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William Langland's Piers Plowman provides a highly charged picture of England near the end of the fourteenth century, a time of political, religious, and moral crises. The period in which Langland wrote was volatile and full of colorful and contentious people: Edward III, Richard II, Chaucer, Wyclif---and Langland. In "Songes of Rechelesnesse," Lawrence M. Clopper presents the voice of this powerful disputant who lived in a period marked by dissent and discontent.
In the late Middle Ages, Franciscan friars had a significant impact on all levels of society.
But because of the apparent discrepancy between the poverty the Franciscans claimed and the life they lived, a large body of antifraternal literature arose, including, supposedly, Piers Plowman. Since the sixteenth century, when it was first put into print, Piers Plowman has been understood to be a proto-Protestant work that revealed the failures of the medieval clergy, but especially of the mendicant orders. In "Songes of Rechelesnesse," Clopper establishes the presence of a Franciscan reformist position in Piers Plowman.
Clopper maintains that the poem articulates a reformist agenda, presenting the internal Franciscan debate, in a bid to return the order to its initial foundation. Clopper believes that Langland is deeply imbued with a Franciscan mentality that reaches deep into the structure of the poem. It manifests itself at the level of the alliterative long line in his exemplarist poetics and is the source of his imagery and politics. In short Clopper identifies Franciscanism as holding the poem together.
"Songes of Rechelesnesse" is a historical, political, and religious history of late fourteenth-century England. It will be of interest to literary scholars, historians of the late Middle Ages, and scholars in religious studies.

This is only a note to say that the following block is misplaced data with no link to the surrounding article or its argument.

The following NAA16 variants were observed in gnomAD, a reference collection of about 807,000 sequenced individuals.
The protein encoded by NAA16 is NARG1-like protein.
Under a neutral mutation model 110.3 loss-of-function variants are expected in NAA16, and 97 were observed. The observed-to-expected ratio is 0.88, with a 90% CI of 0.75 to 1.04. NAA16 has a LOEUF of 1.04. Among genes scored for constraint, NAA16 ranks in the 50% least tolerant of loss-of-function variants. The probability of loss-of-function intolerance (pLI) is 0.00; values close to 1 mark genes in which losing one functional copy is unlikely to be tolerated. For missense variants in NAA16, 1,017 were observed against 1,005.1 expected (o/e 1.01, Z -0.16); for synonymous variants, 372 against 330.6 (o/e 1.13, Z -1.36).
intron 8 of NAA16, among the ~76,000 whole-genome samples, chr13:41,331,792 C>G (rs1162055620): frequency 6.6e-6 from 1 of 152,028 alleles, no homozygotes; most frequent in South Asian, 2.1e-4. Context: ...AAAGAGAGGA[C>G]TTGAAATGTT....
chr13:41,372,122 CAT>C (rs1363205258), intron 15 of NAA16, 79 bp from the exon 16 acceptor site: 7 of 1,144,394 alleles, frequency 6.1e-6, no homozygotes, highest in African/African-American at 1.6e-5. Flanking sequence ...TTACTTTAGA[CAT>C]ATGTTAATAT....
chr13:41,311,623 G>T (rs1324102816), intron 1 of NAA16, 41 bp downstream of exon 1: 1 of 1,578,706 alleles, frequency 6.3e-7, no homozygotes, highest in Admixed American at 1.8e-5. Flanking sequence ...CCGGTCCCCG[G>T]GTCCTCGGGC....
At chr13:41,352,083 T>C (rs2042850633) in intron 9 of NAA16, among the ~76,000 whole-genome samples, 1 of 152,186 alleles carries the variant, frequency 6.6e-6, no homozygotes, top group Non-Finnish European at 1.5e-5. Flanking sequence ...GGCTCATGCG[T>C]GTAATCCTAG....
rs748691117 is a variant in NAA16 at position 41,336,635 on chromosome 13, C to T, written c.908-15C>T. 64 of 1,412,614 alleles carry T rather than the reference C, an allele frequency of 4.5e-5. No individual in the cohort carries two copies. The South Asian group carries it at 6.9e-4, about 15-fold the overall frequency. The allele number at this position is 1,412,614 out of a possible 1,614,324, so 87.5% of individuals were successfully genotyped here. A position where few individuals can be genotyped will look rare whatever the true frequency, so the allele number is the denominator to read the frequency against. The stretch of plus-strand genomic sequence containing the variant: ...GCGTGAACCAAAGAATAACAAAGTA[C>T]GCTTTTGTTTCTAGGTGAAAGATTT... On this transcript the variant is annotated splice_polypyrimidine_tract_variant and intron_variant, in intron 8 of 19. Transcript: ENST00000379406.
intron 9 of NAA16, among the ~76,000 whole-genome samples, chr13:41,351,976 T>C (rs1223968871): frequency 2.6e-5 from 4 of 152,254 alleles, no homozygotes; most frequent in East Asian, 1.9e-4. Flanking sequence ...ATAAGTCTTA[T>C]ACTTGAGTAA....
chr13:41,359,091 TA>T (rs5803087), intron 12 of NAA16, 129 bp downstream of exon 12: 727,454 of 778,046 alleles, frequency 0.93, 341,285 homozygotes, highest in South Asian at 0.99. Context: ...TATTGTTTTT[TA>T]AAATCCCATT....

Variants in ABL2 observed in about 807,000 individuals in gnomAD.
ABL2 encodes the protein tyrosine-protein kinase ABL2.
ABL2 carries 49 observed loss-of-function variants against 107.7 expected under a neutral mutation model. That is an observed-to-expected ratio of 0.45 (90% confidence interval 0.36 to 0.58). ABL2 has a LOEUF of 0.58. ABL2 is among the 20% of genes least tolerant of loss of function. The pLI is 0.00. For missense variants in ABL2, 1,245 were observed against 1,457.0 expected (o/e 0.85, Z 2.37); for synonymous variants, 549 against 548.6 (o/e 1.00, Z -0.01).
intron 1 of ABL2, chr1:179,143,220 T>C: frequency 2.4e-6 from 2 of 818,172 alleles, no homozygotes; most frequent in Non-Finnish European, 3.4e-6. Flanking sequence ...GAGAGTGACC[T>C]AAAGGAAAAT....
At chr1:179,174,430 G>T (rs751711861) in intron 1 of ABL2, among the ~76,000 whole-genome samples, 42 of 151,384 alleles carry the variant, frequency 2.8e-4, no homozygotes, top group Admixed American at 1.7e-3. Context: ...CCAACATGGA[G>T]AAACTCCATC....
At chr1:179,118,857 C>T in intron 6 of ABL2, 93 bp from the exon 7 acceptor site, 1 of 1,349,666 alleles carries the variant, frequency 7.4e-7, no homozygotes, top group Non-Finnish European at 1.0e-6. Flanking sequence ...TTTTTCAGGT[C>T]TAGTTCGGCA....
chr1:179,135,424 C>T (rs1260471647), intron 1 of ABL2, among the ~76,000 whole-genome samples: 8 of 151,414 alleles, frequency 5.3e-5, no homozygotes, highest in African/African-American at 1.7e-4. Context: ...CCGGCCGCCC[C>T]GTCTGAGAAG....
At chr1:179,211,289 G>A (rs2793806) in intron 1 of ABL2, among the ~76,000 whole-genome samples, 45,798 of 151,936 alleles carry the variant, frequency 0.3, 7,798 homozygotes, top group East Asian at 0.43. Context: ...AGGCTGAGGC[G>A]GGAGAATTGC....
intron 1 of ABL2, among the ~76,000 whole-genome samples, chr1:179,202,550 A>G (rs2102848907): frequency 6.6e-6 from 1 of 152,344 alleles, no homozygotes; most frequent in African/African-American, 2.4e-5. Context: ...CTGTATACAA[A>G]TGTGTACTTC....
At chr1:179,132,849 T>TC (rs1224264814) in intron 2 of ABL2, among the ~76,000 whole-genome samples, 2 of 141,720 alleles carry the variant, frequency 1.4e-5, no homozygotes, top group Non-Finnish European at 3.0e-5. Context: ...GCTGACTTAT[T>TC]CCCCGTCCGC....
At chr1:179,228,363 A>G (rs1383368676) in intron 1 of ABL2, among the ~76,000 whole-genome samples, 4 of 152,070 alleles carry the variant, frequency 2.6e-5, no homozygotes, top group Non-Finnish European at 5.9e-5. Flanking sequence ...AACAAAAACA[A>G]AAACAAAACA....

Lawrence M. Clopper is Director, Medieval Studies Institute, and Professor of English, Indiana University.
"Clopper's arguments for both the importance of mendicant characters in Piers Plowman and for the value the poet finds in Franciscan thought and ideals are convincing and valuable. . . . Clopper has earned the gratitude of all readers of Piers Plowman for establishing how much the example and practice of Francis and his followers are at the center of this great poem."
—C. David Benson, University of Connecticut, Arthuriana, Volume 10, No. 1 (Spring 2000)
". . . a provocative, challenging, and fascinating book . . . one of the most important studies of William Langland's Piers Plowman published in the past twenty years. . . . Clopper has written a model of nuanced argument and an exemplary work of scholarship that should influence scholars studying the complexities of late medieval religious history and perhaps even revolutionize the interpretation of Piers Plowman, the most challenging of medieval poems."
—Richard K. Emmerson, Western Washington University, Catholic Historical Review
". . . [Clopper] provides an innovative and convincing interpretation that all upper-division undergraduates and above should have access to."
"In arguing that the poem's combination of intensity and ambivalence arises fundamentally from mendicant self-criticism, Clopper has reoriented the study of Piers Plowman."
—John Scahill, Keio University, Tokyo, Ecclesiastical History
"Songs of Rechelesnesse is bound to stir up a healthy debate in a field in which controversy is the rule. But whatever else it does, Clopper's book reasserts the primacy of the poem as messenger. That it also seeks to preserve the life of the poem's author, however shadowy that life may be, as indispensable to the message reinforces the defense of Langland against the deadly sentence of death that it doesn't matter who is speaking."
—George D. Economou, University of Oklahoma, Envoi, Spring 1999
". . . will make every critic of Piers Plowman pause at various places and reconsider the text. . . ."
—Anne Hudson, Medium Aevum, Volume LXVIII, 1999